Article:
The first crow to eat the rice

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Small things in life are where the life gets lived. Like Ajjamma’s peanuts.


She was one of the oldest ladies I had ever seen – must have been in her eighties then, yet it didn’t take away from the motherly affection she showed. After her ritual of afternoon nap, she would come out of her large ancestral home into the front verandah. There at the apex of the several steps leading to the verandah, she would squat carefully placing her swollen ankles that had given up after the years. Then she would beckon the neighboring children.


Ajjamma was the owner of this place, and being her tenants, we shared the same compound with several other families. For all these kids she was the great grandmother (Ajjamma). Her house situated centrally, and our row houses flanked on either side. The row houses were a place where all the housewives could be seen in their backyard, in a group ritual — of scaling and cutting fish, slicing and grating coconut, discussing about the types of fish available in the market that day, their ensuing rate, how they had to haggle for a fish that was not fresh enough, and so on.


The front yards however were our domain ? a place for kids where we would play cricket and soccer, and when tired retreat inside our homes to play cards, Ludo, Chinese Checker, and a peculiar game called ‘Name, Place, Things, Animals’ (which I cant still envision how it crept into our lives). Our concentration would then be interrupted by Ajjamma’s clarion call, and we would rightly jump in dismissing the game in its current state.


Then we would surround her making ourselves comfortable on the steps of her verandah. Ajjamma would then slowly uncover her old cotton pouch hidden in the wraps of her green sarree waist (why old women wore green sarree was a puzzle to me then). Carefully untying it, she would take out one or two coins (probably a fifty paisa) and place it in the palm of one of us volunteered to run to the sweet vendor one furlong away. We would then wait in anticipation, as if starved out of our wits, which would be a good time for Ajjamma to narrate her past. She had her stories alright. But most importantly it was the affection with which she told it. And when the kid returned with the cone wrapped paper, we would jump in, cutting in Ajamma’s trail of tales.


Time for Ajjammas peanuts. It’s funny how we attach food to people when we are kids. My mother’s brother was the ‘poppin uncle’ to us, because he would get ‘poppins’  everyday. One color for each of the five of us.  Then there were others such as ‘Ice cream’ uncle, ‘Banana’ grandma, and the ‘Beetle leaf’ grandma (indeed we were happy with the stock of the leaf!).





""…All her life Ajjamma had given us peanuts. Today we duly fed her with rice.""

‘Peanut Ajjamma,’ however reserved the right to distribute the goods. Starting from the youngest of us at age 3 , she would then proceed to the oldest of us age 12 years, all fifteen of us, one by one,  she would call us and give us a handful, all the time her hand shaking with tremor (probably because of reduced motor activity during old age). In the bargain she would spill some peanuts over and we would shamelessly giggle to collect them. After the peanut time it was a short time for more tales, and we would rush back to play, and Ajjamma would retreat back into her home. This ritual must have gone on for years, without missing a day.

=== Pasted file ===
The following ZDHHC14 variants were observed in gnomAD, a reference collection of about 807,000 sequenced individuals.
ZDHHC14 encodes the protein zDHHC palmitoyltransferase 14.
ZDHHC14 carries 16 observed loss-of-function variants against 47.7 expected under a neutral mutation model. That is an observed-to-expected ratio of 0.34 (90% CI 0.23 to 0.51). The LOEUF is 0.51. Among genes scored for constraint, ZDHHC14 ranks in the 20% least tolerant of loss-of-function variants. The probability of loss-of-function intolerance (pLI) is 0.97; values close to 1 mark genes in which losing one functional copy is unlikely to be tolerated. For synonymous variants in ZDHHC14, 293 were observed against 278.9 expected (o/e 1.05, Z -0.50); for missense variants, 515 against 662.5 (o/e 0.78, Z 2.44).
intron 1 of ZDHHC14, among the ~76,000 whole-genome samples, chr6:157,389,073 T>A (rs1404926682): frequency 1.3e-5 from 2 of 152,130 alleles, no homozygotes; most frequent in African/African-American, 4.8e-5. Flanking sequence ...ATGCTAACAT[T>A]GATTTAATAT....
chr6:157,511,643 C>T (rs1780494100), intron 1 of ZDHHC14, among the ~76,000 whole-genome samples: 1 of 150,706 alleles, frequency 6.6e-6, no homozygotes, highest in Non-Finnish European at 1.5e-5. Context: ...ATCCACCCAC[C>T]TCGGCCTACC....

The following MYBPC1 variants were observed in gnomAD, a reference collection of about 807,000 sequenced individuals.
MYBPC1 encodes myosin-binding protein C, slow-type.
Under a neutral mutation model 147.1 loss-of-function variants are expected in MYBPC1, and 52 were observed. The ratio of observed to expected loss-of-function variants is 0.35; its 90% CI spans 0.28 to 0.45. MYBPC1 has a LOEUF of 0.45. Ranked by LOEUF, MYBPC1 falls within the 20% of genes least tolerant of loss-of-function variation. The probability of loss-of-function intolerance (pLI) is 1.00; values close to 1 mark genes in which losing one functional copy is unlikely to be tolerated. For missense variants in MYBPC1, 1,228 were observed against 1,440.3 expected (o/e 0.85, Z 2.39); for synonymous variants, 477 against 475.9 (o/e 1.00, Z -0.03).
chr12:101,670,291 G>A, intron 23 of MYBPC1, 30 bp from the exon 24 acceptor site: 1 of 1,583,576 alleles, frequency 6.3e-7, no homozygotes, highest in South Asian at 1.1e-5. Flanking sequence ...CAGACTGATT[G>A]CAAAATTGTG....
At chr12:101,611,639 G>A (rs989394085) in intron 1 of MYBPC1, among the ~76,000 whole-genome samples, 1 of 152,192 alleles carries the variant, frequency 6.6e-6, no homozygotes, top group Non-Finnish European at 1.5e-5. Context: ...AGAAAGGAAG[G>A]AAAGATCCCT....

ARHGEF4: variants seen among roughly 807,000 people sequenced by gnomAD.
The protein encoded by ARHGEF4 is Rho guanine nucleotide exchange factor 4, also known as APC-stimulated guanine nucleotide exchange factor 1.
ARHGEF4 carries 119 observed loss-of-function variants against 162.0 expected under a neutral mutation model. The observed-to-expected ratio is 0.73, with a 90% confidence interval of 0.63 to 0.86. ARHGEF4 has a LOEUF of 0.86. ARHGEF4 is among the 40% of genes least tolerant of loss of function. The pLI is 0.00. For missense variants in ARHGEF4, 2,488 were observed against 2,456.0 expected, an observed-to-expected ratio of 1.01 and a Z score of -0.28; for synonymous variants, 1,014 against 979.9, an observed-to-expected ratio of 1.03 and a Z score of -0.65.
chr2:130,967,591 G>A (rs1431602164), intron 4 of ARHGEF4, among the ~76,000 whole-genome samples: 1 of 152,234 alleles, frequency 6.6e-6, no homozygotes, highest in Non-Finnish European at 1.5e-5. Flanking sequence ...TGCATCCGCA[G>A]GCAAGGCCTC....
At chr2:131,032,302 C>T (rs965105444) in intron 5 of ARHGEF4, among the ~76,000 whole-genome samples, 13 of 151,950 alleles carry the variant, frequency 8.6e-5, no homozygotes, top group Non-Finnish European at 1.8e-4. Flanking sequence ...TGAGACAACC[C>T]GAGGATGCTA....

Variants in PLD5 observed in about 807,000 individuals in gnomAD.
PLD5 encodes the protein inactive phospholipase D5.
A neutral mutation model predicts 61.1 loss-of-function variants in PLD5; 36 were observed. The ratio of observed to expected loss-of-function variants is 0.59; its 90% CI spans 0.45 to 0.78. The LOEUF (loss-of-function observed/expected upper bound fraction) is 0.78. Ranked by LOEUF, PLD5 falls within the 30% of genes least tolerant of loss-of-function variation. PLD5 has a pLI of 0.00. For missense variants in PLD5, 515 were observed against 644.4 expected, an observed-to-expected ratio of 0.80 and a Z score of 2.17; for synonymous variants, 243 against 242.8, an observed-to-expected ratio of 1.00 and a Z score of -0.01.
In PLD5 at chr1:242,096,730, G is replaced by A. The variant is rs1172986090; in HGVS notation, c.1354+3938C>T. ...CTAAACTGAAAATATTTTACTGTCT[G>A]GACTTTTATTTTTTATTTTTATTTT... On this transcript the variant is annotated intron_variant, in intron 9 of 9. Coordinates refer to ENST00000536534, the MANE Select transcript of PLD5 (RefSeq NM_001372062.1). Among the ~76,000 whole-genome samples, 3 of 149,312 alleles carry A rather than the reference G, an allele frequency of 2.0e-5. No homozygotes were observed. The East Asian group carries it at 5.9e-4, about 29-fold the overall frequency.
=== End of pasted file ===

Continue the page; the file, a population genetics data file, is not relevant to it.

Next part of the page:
Then one day, we heard one of Ajjamma’s elderly sons making long distance calls to their relatives. It was as if the whole premises were resigned to that fate. I personally witnessed her last moments when elders placed water on her tongue with a small spoon. The time eventually came for Ajjammas demise. A silence hung over us for the next few days. But as kids we moved on. It was yet another event in our life which comes to pass. But indeed we missed the Ajjamma’s call and the peanuts.


Nine days after her death, we were invited for the funeral meal.  The ritual was to give rice balls to crows before having the meals. Then, we didn’t know what this meant. The way we interpreted was that the first crow which eats the rice would be Ajjamma herself —  in her new birth. We all waited for this rendezvous. Three or four crows hovered around the rice balls. ‘Which one is it?’  We hushed. As kids we quietly discussed and compared our image of Ajjamma with these crows. ‘Hmm? that one looks like her?see the forehead?or see that eyes?.’ we would guess. Then, one of the crows pecked her beak into the rice, which seemed happy and peaceful, as she looked around for a minute, and silently flew away.  All her life Ajjamma had given us peanuts. Today we duly fed her with rice.

Author: Newton Dsouza- USA